A few weeks ago I posted about friendship, claiming that “who you are when nobody’s looking” isn’t necessarily the truest testimony to who you are.
I want to riff on that a bit today, in conversation with my Open Letter to New Testament Intro Students. In short, community is crucial for keeping hold of your faith when your faith is challenged.
The context within which a dearly held conviction is challenged, and the way that faith is depicted in relationship to that challenge, can make all the difference in whether that challenge leads to a lost faith or a reconfigured and strengthened faith.
In response to my open letter, several commenters voiced their concern that critical reconfiguration of what the Bible is and what it says do not happen more in the church. And I think there is something tremendously important about this call. Yes, we have to handle the issues carefully and not unduly disturb the faithful.
But here’s the problem with pretending that the Bible is something it is not: if the context of faith depicts the Bible, or science, or belief in one way, and then a student enters a non-faith environment and discovers that the Bible or science or belief are entirely different it creates an apparently clear choice. Either stay with the faith and reject the learning or hold fast to the learning and reject the faith.
The reason why NT Intro destroys people’s faith in college is because the community of faith has not been forthright about what the Bible actually is, and so the student is confronted with a choice between belief or knowledge.
In general, communities help create and perpetuate systems of plausibility. This can be a bad thing or a good thing, depending on the truth and benefits of how the group is perceiving and articulating reality.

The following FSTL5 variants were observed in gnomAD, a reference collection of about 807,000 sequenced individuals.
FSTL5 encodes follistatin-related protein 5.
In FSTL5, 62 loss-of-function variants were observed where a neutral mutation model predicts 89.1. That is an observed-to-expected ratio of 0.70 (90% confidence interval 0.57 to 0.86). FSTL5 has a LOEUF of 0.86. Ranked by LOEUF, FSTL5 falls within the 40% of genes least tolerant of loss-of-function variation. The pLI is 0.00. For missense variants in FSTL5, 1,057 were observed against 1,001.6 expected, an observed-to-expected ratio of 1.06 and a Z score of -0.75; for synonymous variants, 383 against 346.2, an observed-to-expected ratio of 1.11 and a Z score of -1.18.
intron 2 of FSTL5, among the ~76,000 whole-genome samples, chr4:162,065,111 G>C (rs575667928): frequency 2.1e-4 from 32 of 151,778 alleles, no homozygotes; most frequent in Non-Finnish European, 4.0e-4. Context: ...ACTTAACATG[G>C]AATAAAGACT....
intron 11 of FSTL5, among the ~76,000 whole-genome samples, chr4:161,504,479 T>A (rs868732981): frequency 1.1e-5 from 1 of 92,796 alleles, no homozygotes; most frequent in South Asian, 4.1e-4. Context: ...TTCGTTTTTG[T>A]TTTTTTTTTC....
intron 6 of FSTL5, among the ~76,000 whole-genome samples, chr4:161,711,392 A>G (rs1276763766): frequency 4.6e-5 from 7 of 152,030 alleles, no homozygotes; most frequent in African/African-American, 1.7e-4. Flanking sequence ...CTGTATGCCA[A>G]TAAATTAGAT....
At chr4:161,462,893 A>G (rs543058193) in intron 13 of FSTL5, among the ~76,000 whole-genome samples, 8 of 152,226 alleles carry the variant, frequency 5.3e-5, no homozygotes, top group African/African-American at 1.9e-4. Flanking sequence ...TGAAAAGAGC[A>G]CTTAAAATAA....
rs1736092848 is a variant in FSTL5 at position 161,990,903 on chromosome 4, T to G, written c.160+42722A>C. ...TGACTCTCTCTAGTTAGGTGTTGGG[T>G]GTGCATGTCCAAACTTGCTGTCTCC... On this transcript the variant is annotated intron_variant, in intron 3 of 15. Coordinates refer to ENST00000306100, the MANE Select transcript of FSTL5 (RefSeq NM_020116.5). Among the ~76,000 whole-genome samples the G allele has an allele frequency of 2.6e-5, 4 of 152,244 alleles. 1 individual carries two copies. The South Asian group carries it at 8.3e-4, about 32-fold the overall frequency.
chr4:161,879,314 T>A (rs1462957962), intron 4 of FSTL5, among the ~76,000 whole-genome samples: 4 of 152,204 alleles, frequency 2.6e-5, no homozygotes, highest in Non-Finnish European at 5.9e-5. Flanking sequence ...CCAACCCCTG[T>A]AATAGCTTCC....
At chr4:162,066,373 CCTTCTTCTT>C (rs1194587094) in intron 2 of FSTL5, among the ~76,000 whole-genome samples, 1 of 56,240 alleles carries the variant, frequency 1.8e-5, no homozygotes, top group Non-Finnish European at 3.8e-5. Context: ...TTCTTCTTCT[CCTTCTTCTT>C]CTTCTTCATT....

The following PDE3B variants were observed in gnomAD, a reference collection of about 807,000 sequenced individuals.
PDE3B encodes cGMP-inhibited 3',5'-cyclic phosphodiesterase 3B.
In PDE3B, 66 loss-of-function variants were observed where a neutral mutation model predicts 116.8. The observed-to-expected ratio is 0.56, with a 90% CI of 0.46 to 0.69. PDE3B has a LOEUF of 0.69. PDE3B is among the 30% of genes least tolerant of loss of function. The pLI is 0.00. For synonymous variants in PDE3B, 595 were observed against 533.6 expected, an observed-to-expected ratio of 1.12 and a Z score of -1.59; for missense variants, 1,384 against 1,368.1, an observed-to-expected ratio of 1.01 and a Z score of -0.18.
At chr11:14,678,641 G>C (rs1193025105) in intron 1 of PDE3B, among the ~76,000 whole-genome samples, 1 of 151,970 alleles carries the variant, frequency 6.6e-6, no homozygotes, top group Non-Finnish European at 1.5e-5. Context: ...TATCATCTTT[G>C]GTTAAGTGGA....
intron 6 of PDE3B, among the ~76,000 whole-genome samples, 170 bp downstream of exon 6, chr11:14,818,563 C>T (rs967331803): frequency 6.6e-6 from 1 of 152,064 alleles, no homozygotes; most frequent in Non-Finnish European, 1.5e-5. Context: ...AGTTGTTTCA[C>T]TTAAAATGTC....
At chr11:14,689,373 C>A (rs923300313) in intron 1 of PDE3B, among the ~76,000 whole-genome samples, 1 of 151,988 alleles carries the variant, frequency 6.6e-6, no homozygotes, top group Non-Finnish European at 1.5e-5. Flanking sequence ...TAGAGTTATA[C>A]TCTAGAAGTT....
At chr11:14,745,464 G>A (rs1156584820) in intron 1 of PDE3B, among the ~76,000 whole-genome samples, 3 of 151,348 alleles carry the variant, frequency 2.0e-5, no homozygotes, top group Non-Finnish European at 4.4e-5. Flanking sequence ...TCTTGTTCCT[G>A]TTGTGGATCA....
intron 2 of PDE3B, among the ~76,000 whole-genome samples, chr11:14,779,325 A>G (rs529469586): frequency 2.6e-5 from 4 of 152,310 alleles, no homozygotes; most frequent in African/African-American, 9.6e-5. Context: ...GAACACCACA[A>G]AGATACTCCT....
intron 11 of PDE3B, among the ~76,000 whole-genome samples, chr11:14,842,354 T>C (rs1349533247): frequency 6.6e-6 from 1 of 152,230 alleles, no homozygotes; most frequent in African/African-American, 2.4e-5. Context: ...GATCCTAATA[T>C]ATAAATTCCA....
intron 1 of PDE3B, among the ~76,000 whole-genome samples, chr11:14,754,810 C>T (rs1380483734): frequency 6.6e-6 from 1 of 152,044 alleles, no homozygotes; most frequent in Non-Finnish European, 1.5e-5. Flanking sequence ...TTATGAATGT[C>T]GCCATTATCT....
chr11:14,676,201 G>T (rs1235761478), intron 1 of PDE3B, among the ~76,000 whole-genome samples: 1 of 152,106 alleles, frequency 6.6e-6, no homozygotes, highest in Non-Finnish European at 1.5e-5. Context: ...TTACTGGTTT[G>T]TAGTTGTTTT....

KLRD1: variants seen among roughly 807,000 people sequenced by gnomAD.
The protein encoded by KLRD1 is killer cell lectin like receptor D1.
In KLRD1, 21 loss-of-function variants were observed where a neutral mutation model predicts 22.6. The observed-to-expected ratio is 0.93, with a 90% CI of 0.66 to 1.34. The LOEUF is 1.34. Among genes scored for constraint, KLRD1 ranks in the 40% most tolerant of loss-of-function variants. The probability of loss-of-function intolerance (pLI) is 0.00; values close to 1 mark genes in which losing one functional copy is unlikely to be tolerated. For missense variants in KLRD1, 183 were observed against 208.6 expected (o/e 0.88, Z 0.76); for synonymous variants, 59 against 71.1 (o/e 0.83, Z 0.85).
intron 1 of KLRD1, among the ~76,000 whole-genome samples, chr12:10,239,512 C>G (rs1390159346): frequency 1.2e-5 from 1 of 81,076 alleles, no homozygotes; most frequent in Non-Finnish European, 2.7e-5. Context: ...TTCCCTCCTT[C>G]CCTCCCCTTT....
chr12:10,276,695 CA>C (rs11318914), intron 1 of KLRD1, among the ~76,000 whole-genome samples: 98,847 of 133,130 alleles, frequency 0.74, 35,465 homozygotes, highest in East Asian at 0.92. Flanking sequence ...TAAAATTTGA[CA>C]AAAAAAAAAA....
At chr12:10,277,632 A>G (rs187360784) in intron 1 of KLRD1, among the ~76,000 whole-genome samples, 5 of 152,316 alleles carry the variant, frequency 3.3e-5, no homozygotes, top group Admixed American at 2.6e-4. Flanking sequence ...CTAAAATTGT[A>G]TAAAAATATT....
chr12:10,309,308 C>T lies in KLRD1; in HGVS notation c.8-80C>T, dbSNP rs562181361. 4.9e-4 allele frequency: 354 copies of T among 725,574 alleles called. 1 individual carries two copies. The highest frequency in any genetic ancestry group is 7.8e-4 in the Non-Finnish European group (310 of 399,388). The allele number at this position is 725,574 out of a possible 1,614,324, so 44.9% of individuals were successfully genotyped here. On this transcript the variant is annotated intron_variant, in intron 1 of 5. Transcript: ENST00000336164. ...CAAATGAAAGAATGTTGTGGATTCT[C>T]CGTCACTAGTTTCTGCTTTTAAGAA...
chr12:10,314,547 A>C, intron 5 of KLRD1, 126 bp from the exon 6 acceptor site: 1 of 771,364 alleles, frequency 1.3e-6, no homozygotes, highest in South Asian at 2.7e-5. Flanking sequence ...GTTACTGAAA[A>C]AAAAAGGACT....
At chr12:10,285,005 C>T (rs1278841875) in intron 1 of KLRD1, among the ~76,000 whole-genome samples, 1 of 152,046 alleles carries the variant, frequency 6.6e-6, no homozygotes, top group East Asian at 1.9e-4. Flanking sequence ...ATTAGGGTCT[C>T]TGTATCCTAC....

If Christianity is true, then the calling of the church is to articulate, and demonstrate, a coming reality that is often not visible to human eyes: Jesus is the enthroned and coming Lord. We need community to keep making that reality real, to help us be renewed by the transforming of our minds, by the conversion of our imaginations.
This means that when we’re struggling, we need the community. If we leave it, we are placing ourselves on an interpretive grid where this true reality is not accounted for in the interpretation of the world. And its unbelievability can quickly become unplausibility, and the faith withers.
It is precisely because context is crucial for wrestling with faith-challenging issues that I think it is a seminary professor’s duty to deal with all the difficult issues in class. The fact that Christians, in a Christian setting, while confessing Christ as Lord, can acknowledge these things is, itself, tonic against the notion that certain realities about the Bible or history tear apart the very fabric of Christian faith.
In the film Gods and Generals, Stonewall Jackson utters this provocative line to a dying man who confesses to unbelief: “Well then, I will believe for the both of us.”
When we’re struggling, we need people to believe for us. We need people to carry our belief when it cannot carry itself. We need ourselves to be infused with the gift of faith that comes from the participation in the body of Christ. And we need to know that our struggles can be Christian struggles, modes of living and doubting that honor the Christ whose faith saves us.